Blackwater guards must pay for civilian deaths
Tuscaloosa News (2007-11-19)
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More Info: Blackwater
Published Monday, November 19, 2007
The indecision of prosecutors over whether to bring charges against hired American security guards in the September shooting of 17 Iraqi civilians is baffling. It is an absolute no-brainer.
The people responsible for this bloodbath should be slammed with the full weight of the law.
The prosecutorial navel-gazing is even more bizarre given the fact that the FBI says at least 14 of shootings by the Blackwater security personnel were not justified. They violated the deadly force rules for security contractors in Iraq, the FBI investigation found.
But the Department of Justice, which became brazenly politicized during the tenure of Alberto Gonzales as attorney general, has yet to decide what, if anything, it should do. It's almost as if someone higher up the ladder of government is trying to let the case die on the vine.
We'd prefer to believe that the department is waiting until Michael Mukasey, sworn in just last week as attorney general to replace the odious Gonzales, has his feet on the ground. The case may provide a good measure of Mukasey's independence and moral backbone.
The facts of the killings, which have created a furor among Iraq's leaders, are pretty cut-and-dried. The FBI investigators concluded that as many as five Blackwater guards, some armed with automatic weapons, opened fire on the civilians. One of the guards, identified by investigators as 'turret gunner No. 3,' fired a large number of rounds and is said to be responsible for several of the fatalities.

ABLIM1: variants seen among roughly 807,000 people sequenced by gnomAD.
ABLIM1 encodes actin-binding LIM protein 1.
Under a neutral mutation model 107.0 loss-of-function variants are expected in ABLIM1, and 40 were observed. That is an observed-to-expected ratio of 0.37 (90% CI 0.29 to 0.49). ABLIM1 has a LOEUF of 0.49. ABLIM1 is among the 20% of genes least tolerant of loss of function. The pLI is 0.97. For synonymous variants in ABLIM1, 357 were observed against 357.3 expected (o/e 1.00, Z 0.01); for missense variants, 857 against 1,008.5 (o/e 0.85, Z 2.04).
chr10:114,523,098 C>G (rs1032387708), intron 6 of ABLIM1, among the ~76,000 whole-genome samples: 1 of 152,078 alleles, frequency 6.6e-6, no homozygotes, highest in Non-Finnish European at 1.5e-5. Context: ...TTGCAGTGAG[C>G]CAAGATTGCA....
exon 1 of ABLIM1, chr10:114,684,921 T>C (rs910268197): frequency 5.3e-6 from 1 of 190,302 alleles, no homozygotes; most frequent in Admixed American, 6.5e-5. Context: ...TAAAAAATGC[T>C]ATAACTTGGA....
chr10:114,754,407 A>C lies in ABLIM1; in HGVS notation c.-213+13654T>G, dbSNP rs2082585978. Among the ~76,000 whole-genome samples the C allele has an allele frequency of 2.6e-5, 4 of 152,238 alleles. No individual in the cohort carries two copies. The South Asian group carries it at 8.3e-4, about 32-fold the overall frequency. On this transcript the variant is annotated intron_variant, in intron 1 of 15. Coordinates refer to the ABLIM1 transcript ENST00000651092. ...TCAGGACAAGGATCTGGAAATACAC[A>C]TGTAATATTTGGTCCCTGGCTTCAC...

After the killings came to light, the Blackwater employees tried to claim they were fired on by Iraqi civilians. The FBI found no evidence of such an attack, however.
Its report says the guards fired in response to gunfire by other members of their unit in the mistaken belief that they were under attack. 'To say [the killing of civilians] was unwarranted is an understatement,' one official said.
The FBI theorizes the contractors felt threatened by a sedan that continued to move after other civilian vehicles had been stopped for a Blackwater convoy of four vehicles. A man and his mother, who relatives say were on a family errand, were killed in the car.
A third Iraqi civilian who was nearby also may have made the contractors feel threatened. But there was absolutely no rhyme or reason for the subsequent shootings of the 14 other Iraqis, some of whom were killed trying to flee from the scene, the FBI said.
Behavior of security contractors has long been questioned by people wary of the consequences of the administration's swaggering posture in Iraq. The U.S. House is considering legislation that states specifically that the Iraqi security contractors will be subject to American criminal law.
The Justice Department cannot afford to mishandle this case. It has the marks of another Abu Ghraib or Guantanamo in the making.